A common question that often arises in the discussion between prep chromatographers is when and why one should choose either isocratic or gradient elution? Since we in the Kromasil group have a long experience of developing large scale separations we would like to share some of these experiences with the readers of KromaNews.
In general an isocratic elution is preferred, in order to maximize the loading capacity. A gradient will undoubtedly compress the peaks in time, and give less room for peak broadening as a result of the concentration overload. The result is lower loading capacity, and lower productivity. However, sometimes it is necessary to use a shallow gradient, in order to control the elution. The gradient will ensure a more stable separation, with improved peak shapes, and shorter cycle time.
For larger molecules such as proteins the adsorption process is very much on/off, i.e. up until a certain point in solvent strength, or concentration of organic solvent, the molecule sticks to the surface of the packing material, and once a certain concentration has been reached the protein is desorbed, and travels with the mobile phase. This can be shown in a diagram with log k vs. % organic, where the protein has a very steep dependence, while peptides are in between, and small molecules have a more shallow slope, and much lower dependence from the % organic.
Because of the above it is necessary to use at least a shallow gradient when running RP separations of insulin or larger polypeptides or proteins, in order to control the elution (even though one insulin manufacturer claims to use isocratic elution for the RP HPLC step!). However, the gradient should be kept as shallow as possible to maximize loadability or loading capacity; for insulin typically 0.1-0.2% organic/min.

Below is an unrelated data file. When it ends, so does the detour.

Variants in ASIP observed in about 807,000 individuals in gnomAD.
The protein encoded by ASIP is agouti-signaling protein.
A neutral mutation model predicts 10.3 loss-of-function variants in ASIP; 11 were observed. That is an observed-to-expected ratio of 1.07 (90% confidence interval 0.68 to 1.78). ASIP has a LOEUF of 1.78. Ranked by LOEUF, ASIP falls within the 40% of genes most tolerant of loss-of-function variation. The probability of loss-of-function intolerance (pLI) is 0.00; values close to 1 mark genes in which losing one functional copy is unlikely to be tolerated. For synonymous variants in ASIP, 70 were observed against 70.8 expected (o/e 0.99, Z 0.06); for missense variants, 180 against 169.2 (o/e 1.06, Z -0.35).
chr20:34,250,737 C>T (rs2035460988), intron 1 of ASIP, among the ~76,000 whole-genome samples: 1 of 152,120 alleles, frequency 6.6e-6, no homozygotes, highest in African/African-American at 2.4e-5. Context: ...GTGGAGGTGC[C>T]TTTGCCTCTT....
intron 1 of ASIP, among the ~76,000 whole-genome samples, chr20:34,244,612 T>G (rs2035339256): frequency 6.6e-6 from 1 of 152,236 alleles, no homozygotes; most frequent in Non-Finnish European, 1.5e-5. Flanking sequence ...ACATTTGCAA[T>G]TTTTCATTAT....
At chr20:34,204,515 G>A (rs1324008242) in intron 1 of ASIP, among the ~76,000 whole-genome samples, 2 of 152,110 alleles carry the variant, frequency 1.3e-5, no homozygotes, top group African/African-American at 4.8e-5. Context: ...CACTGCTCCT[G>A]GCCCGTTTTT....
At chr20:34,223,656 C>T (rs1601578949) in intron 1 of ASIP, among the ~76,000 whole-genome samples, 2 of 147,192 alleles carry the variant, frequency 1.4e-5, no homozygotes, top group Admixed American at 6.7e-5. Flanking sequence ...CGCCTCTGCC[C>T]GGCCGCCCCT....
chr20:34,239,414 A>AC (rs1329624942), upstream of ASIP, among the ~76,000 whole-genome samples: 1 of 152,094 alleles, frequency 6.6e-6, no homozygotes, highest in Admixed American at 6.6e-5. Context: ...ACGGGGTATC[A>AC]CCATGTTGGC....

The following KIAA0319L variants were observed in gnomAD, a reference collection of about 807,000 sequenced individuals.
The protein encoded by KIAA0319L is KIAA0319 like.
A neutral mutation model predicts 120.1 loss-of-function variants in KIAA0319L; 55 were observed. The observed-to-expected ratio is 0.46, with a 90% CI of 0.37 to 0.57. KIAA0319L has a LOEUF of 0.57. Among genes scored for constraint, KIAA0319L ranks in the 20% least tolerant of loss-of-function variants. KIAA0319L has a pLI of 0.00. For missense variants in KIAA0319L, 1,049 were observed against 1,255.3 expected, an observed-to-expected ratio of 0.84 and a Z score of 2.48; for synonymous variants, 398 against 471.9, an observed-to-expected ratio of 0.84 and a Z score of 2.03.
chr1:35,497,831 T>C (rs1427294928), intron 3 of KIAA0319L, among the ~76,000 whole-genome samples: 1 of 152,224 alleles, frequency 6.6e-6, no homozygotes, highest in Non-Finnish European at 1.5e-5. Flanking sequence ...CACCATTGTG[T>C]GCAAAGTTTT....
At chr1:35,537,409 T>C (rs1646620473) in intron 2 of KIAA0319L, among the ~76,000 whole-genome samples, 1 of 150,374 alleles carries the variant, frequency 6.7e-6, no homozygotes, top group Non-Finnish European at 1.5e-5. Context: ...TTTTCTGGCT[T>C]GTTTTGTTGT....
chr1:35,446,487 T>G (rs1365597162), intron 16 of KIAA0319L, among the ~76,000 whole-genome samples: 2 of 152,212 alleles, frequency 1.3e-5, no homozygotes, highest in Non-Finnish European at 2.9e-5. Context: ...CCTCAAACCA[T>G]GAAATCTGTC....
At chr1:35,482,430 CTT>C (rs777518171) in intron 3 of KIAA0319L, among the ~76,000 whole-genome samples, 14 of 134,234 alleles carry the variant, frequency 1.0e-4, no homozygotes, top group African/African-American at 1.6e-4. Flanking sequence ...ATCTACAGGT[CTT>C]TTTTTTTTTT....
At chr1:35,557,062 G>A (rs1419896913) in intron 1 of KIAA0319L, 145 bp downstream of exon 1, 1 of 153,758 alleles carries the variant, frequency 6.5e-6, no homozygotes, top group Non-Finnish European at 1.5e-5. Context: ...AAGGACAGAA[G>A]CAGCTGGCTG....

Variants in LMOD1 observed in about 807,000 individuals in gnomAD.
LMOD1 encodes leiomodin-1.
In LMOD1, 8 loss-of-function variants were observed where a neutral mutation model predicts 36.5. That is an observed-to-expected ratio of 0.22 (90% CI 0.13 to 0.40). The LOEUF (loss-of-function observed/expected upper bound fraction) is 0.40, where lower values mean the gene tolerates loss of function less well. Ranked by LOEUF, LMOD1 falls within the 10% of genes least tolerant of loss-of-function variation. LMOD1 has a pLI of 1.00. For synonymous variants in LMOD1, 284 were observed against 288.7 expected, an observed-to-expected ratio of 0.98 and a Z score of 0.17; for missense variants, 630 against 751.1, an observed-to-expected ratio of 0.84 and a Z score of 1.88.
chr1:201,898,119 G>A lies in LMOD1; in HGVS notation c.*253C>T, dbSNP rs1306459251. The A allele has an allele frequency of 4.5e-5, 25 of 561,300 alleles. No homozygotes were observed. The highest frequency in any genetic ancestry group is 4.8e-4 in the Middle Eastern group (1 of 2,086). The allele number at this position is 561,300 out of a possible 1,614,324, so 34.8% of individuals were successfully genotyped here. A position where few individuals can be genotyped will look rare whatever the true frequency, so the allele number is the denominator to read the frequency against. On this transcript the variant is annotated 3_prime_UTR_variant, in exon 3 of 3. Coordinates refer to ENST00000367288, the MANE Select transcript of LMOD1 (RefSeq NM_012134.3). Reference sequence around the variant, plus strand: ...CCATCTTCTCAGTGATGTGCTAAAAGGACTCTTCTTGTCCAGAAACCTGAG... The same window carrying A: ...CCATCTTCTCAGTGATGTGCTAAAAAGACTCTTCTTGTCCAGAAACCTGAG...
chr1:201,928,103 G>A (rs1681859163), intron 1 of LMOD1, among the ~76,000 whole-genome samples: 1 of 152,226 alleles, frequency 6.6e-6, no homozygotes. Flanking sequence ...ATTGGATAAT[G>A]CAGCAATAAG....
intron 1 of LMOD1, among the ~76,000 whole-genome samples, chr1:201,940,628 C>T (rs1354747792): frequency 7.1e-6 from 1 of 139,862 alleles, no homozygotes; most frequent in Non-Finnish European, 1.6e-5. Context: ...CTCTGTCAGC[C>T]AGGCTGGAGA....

Small molecules and peptides are usually run using isocratic elution, but very often a step gradient is used. The loading is performed at low concentration of organic, so that the substance of interest is adsorbed at the inlet, or the top of the column. The retention time is then infinite for the substance. After that an elution step is applied, when the substance of interest is eluted out of the column, and finally a washing step is run, to wash out very retentive impurities.
Heads up! To sum it up, use isocratic elution as long as it is possible, go to gradient elution only when you are forced to it, and then use as shallow gradient slopes as possible!
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